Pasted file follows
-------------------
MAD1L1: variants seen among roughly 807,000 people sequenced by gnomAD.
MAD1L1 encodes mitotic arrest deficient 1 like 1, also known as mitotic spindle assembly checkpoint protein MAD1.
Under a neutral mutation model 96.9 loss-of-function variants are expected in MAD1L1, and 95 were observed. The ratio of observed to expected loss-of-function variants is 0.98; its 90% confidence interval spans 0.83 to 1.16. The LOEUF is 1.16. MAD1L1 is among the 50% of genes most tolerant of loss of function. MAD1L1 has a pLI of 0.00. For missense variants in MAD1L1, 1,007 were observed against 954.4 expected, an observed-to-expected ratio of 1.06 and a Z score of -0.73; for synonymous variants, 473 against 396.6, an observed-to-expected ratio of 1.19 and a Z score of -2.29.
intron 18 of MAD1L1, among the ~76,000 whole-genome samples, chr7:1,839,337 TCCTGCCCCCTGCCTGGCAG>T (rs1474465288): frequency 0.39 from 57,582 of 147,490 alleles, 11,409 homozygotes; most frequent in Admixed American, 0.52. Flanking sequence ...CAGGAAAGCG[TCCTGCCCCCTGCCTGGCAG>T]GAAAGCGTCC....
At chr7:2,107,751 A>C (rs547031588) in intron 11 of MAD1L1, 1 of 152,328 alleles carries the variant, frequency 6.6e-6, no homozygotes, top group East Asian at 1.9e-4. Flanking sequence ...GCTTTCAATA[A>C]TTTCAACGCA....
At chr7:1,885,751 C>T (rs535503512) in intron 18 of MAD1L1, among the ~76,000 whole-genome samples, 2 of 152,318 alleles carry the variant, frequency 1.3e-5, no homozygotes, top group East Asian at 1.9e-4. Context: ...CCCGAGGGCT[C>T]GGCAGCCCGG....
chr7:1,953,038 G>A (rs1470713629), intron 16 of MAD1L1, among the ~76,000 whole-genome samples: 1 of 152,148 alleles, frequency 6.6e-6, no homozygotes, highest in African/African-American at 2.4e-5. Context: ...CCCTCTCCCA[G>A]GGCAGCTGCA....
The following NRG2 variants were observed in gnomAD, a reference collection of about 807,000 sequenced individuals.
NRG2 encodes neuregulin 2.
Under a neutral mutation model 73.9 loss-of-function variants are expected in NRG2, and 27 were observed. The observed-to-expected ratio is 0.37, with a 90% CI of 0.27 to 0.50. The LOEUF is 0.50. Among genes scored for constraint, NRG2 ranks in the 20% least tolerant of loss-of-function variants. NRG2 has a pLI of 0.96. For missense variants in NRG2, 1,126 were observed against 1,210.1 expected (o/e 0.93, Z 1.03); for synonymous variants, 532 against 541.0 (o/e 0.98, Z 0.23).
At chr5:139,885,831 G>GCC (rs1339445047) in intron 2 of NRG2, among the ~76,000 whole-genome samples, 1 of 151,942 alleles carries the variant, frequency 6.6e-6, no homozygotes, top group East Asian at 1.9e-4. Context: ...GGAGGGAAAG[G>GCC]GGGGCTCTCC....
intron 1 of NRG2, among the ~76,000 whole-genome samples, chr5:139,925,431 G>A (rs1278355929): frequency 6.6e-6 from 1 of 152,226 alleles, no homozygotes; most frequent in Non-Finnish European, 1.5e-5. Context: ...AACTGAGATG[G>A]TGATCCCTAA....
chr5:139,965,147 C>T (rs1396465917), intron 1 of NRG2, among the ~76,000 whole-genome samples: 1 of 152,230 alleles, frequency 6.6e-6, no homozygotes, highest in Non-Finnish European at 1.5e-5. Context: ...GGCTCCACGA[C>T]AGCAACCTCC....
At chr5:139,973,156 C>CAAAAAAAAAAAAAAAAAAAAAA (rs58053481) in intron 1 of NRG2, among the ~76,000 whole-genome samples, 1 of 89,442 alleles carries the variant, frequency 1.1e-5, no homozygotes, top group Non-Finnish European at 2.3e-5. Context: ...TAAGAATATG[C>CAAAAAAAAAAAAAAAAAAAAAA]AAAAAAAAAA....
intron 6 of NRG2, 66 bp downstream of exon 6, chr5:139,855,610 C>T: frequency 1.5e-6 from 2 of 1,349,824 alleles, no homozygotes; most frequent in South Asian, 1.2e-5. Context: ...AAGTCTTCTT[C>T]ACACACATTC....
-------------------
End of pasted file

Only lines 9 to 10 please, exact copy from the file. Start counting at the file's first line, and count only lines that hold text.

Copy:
NRG2 encodes neuregulin 2.
Under a neutral mutation model 73.9 loss-of-function variants are expected in NRG2, and 27 were observed. The observed-to-expected ratio is 0.37, with a 90% CI of 0.27 to 0.50. The LOEUF is 0.50. Among genes scored for constraint, NRG2 ranks in the 20% least tolerant of loss-of-function variants. NRG2 has a pLI of 0.96. For missense variants in NRG2, 1,126 were observed against 1,210.1 expected (o/e 0.93, Z 1.03); for synonymous variants, 532 against 541.0 (o/e 0.98, Z 0.23).